Iran-linked APT34 group has targeted a U.S.-based research company that provides services to businesses and government organizations.
Security experts from Intezer observed targeted attacks on a US-based research company that provides services to businesses and government organizations.
“Our researchers Paul Litvak and Michael Kajilolti have discovered a new campaign conducted by APT34 employing an updated toolset. Based on uncovered phishing documents, we believe this Iranian actor is targeting Westat employees, or United States organizations hiring Westat services.” reads the analysis published by Intezer.
The experts believe that the attacker was launched by the cyber-espionage group APT34 (aka OilRig or Helix Kitten). APT34 is an Iran-linked APT group that has been around since at least 2014, it mainly targeted organizations in the financial, government, energy, telecoms and chemical sectors in the United States and Middle Eastern countries.
The recent campaign appears similar to the one observed by FireEye in July 2019 when hackers were posing as a researcher from Cambridge to infect victims with three new malware.
According to Intezer, the attackers used a phishing document masquerading as an employee satisfaction survey for employees at the US government contractor Westat.
The survey distributed via email as Excel spreadsheets. Once the macros inside the were enabled, the malicious code downloaded and installed the TONEDEAF backdoor and the VALUEVAULT password stealer.
“The embedded VBA code unpacks a zip file into a temporary folder, extracts a “Client update.exe” executable file and installs it to “C:Users<User>valsClient update.exe”.” continues the analysis.
“Client update.exe” is actually a highly modified version of the TONEDEAF malware, which we named TONEDEAF 2.0. Finally, the crtt function creates a scheduled task “CheckUpdate” that runs the unpacked executable five minutes after being infected by it, as well as on future log-ons.”
Both malware used in this campaign (tracked as TONEDEAF 2.0 and VALUEVAULT 2.0) were also employed in the campaign observed in July 2019, but they include major updates that changes were developed for this specific attack.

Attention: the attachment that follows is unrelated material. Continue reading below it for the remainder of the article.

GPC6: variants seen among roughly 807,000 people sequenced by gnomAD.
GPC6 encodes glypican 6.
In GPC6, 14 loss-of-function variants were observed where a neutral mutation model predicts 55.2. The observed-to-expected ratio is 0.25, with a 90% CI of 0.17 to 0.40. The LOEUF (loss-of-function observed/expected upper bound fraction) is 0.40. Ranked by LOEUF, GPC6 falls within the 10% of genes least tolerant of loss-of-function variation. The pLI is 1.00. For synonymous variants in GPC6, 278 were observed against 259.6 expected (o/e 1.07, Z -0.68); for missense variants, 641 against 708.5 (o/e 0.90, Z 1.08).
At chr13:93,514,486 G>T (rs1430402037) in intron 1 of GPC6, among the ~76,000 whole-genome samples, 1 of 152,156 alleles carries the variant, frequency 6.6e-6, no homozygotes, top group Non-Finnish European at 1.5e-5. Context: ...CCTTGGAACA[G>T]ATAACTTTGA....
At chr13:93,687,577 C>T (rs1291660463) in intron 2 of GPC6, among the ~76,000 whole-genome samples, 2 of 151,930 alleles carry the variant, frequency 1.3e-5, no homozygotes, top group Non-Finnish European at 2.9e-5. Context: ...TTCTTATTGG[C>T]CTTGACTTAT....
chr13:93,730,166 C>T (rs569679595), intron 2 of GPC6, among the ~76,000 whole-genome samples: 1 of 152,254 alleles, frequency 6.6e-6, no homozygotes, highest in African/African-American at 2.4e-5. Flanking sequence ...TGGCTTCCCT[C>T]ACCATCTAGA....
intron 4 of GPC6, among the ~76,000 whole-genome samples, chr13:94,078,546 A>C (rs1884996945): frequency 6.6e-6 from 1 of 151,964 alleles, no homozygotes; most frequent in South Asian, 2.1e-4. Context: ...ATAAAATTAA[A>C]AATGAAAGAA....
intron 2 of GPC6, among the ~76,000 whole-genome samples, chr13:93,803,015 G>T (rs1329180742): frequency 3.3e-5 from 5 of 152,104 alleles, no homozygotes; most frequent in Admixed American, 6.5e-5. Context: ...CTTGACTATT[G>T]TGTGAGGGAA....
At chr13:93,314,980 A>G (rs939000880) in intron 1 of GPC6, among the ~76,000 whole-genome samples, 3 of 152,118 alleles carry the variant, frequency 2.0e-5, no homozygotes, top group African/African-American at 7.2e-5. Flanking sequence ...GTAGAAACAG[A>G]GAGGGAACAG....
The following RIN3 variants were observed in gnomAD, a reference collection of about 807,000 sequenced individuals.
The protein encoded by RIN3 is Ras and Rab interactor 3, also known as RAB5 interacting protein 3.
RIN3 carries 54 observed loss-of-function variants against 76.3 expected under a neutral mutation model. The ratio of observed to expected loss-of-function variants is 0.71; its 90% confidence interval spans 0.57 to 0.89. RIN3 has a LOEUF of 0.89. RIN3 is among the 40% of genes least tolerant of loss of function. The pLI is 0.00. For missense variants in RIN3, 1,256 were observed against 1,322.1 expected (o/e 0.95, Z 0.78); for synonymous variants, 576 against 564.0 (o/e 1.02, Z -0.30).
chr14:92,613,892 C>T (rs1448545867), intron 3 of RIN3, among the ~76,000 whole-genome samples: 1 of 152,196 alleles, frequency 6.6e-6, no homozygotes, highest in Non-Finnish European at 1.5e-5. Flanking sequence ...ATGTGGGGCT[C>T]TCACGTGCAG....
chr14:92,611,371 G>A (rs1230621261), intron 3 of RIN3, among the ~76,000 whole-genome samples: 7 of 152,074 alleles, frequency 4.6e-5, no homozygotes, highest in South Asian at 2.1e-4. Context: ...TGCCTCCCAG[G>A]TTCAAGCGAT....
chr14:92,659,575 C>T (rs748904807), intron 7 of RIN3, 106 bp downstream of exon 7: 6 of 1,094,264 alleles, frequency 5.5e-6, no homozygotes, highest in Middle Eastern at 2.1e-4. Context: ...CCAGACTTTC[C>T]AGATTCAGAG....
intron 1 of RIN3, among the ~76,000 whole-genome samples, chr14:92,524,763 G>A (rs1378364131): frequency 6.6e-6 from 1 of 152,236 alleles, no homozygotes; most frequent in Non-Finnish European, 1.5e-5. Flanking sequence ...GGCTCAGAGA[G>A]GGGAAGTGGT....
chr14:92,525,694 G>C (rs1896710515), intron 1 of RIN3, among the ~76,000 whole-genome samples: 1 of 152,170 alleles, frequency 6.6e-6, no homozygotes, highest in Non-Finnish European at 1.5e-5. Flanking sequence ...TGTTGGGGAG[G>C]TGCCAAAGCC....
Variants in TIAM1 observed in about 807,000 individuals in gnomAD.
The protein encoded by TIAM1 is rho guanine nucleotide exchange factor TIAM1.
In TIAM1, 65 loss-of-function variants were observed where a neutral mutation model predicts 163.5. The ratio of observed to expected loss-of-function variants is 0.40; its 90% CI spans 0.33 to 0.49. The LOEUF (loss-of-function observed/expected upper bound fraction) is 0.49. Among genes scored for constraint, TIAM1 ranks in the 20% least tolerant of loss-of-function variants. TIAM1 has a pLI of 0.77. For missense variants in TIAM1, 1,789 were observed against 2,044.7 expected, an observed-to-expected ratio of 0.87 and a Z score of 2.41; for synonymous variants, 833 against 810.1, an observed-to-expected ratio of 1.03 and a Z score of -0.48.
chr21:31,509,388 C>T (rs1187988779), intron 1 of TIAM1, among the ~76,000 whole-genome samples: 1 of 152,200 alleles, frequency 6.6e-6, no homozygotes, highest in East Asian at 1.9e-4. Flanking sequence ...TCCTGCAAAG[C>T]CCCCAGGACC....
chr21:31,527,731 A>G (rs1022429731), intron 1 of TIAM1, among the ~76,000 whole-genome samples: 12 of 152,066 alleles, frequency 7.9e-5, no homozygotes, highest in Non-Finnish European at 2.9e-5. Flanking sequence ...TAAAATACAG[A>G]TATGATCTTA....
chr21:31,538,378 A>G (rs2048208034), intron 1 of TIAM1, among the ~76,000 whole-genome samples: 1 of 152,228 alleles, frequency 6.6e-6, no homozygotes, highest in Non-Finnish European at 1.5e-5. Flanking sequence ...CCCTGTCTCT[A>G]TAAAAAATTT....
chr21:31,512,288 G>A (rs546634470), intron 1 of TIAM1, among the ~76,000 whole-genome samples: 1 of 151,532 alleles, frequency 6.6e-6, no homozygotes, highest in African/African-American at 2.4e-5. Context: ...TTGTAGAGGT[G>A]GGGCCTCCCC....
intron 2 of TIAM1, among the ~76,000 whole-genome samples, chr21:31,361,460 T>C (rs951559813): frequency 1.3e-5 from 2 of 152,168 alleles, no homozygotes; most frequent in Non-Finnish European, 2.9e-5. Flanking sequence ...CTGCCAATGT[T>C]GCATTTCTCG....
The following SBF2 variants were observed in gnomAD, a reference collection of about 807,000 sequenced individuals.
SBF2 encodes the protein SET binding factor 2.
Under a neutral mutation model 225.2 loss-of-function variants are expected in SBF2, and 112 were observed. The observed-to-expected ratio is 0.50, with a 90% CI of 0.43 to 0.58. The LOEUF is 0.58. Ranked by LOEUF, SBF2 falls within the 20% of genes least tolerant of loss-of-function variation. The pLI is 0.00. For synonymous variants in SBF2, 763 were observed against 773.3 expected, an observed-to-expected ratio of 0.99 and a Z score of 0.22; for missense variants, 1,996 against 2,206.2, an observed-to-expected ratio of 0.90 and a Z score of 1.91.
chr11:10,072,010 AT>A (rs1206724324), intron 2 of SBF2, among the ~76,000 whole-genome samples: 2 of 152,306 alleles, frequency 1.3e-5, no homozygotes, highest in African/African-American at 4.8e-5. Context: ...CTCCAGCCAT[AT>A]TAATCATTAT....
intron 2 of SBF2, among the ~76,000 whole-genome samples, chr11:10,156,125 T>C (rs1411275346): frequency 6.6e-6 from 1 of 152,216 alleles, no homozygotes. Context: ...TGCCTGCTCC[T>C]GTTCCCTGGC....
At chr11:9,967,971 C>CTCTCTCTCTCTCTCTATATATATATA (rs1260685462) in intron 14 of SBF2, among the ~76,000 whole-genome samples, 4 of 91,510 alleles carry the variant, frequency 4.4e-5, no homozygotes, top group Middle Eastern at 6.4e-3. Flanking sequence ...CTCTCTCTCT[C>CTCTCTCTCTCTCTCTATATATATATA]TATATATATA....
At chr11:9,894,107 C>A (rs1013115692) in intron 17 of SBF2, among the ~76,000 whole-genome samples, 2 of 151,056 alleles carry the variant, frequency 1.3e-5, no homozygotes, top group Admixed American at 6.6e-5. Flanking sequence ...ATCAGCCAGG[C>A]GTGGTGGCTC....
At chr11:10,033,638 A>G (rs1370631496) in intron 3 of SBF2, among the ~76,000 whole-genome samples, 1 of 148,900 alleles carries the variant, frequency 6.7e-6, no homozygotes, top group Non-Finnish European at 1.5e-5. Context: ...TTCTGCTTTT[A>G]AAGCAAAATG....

The C2 domain (manygoodnews[.]com) is still active and was created 4 months ago, experts added that a certificate was issued for the website just a month ago, a circumstance that suggests the campaign is still ongoing.
The TONEDEAF backdoor communicates with its C&C via HTTP, but version 2.0 uses a revamped communication protocol. The new variant of the malware only implements shell execution capabilities.
TONEDEAF 2.0 was improved to evade detection and implements dynamic importing, string decoding, and a new technique to deceive its victims into believing it is a legitimate, broken app.
TONEDEAF 2.0 used HTTP for C2 communication, but experts noticed it is using a custom encoding and handshake mechanisms.
The experts believe that attackers also employed VALUEVAULT implant in this campaign, they noticed that a user from Lebanon uploaded to VirusTotal versions of the bait document leading to VALUEVAULT and TONEDEAF 2.0.
“This VALUEVAULT takes a more minimalistic approach than its predecessor. Many functionalities and strings were stripped from the new binary in order to lower its noise. Only Chrome password dumping is now supported, although interestingly the use of the file “fsociety.dat” as a password data store under the “AppDataRoaming” directory stayed the same.” states the experts.
Another evidence collected by the researchers is that the document author’s version of Microsoft Excel has Arabic installed as the preferred language.
“The technical analysis of the new malware variants shows the group has been investing substantial effort in upgrading their tools in an attempt to stay undetected after being exposed, and it seems that effort is generally off,” concludes Intezer.
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